Museum Curators Aren’t Your Type of Curators

If you follow my blog, you’ll see that my interests gravitate toward art and criticism from the 1960s onward, with a particular focus on video art and new media. The most recent curatorial proposal I posted on Here is a Fantasy concerns the physical geography of the internet; however, the next exhibition I have on my schedule is about Kathe Kollwitz, a printmaker predominately associated with the Weimar-era.[1] WTF, indeed.

Curating in the museum is different from curating in a gallery, curating online, or “curating a social summary,” the latter being a popular tag on Twitter. When I’m in a museum, I have different concerns from when I’m curating elsewhere.

Being an independent curator means being responsible for setting trends in the here-and-now. Organizing an exhibition of “young and emerging artists” – a phrase common to proposals written by curators who are just starting out – means that you’re responsible for raising the bar for what’s happening in contemporary art.

In museums, the types of artists you’re working with have already been vetted to a degree, having shown at a handful of galleries prior to gaining entrance to the museum exhibition circuit. It’s a really simple path: from the artist’s studio to group exhibitions/independently curated exhibitions, then gallery representation/solo gallery shows, and then museum exhibitions.

This model doesn’t always work so seamlessly, especially for artists who work in new media. Still, it’s useful for curators to consider this trajectory when thinking about the responsibility they have toward the types of work they plan to exhibit. Supporting artists by putting them in exhibitions, regardless of location, means supporting their careers.

While working in the curatorial department at the Weisman Art Museum, I was given the task of curating two exhibitions. I was lucky; even curatorial assistants are seldom given the opportunity to manage exhibitions as full-curators, even after working in curatorial departments for several years. I was a curatorial fellow, hired for a year, specifically to organize exhibitions. Prior to working at the Weisman, I had organized and worked on exhibitions, but they were often on a smaler scale, with emerging artists and recent MFA students.

Curating from a collection means looking through museum databases, mulling over thousands of artists and artworks stored in the museum collection. Why some works should be taken out of storage and put into the museum isn’t always so obvious. While poring over documents, I was shocked: Why had this David Hockney print never been shown? Why had this work never been repaired? Often, even if there’s good work, if it has nothing to do with the overall story the museum wants to tell about its collection, then it’s not exhibited. This may seem harsh, but think about it: MoMA is a museum of modern and now, contemporary art. If they had an esteemed work from the 1920s, but it didn’t fall into the story of Alfred Barr building a modern enclave for New York City, thereby setting the framework for New York to surpass Paris as the world’s art capital, then it might not be exhibited. The same goes for the Whitney, which, although it doesn’t always restrict itself to showing just work from the United States, is still a museum founded on the premises of showing American art.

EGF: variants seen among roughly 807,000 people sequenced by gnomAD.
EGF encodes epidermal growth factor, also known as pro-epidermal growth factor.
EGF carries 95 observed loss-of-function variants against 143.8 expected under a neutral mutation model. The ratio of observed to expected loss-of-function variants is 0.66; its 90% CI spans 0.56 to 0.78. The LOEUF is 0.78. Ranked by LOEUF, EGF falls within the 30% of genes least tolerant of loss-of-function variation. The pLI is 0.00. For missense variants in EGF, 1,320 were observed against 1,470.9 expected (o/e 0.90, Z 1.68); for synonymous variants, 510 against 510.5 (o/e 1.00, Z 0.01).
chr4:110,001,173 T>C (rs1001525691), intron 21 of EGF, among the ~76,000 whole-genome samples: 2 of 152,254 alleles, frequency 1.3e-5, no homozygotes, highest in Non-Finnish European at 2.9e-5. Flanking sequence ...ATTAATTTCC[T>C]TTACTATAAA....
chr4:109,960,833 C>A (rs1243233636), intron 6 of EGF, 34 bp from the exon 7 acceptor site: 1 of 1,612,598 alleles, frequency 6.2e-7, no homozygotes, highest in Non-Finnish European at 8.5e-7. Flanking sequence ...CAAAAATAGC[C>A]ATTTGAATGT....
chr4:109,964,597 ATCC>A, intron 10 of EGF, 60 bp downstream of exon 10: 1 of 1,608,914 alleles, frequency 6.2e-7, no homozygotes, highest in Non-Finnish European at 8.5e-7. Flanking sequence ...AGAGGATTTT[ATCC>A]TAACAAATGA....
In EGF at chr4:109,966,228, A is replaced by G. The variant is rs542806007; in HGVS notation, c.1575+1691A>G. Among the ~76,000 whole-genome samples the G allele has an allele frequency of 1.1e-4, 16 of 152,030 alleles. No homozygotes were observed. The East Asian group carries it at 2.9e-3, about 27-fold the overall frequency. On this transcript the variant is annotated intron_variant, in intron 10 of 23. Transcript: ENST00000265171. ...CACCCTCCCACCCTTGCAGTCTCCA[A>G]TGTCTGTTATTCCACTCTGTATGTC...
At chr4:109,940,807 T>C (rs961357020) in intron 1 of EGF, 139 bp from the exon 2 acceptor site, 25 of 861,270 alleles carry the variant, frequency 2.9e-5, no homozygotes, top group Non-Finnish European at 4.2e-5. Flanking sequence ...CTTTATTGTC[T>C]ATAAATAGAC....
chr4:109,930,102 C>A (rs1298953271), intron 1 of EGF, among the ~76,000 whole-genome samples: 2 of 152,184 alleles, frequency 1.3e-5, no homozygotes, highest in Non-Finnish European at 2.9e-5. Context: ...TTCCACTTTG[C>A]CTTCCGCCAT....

Responsibility is a key term for curators to consider when planning exhibitions: how does this exhibition fit into the history of the museum and its own historical narrative? For my exhibition about Kathe Kollwitz, I found dozens of works by Kollwitz in the museum basement which were very good, never shown, and were tied to an important history for the museum and the artist. Many of the works were shown in her first Stateside exhibition and were then acquired by the Weisman which was founded by early proponents of her works in the States, the Walker family.

Drawing lines around a museum curator and an independent curator may seem stuffy, conservative, and hey, even pretentious; but it’s necessary due to differences in how artworks are chosen and circulated. Curating in the museum means caring for a collection; and that’s something I’m willing to stick to, even if it’s not the most popular position in our hybrid-curator climate.

[1] In preparation for a forthcoming speaking engagement with students at the University of Minnesota to discuss my exhibition at the Weisman Art Museum, I plan to answer the question, “Why Kathe Kollwitz?” by first bringing up the differences between the hybrid role of a curator-at-large compared to the more strictly enclosed roles of a museum curator.


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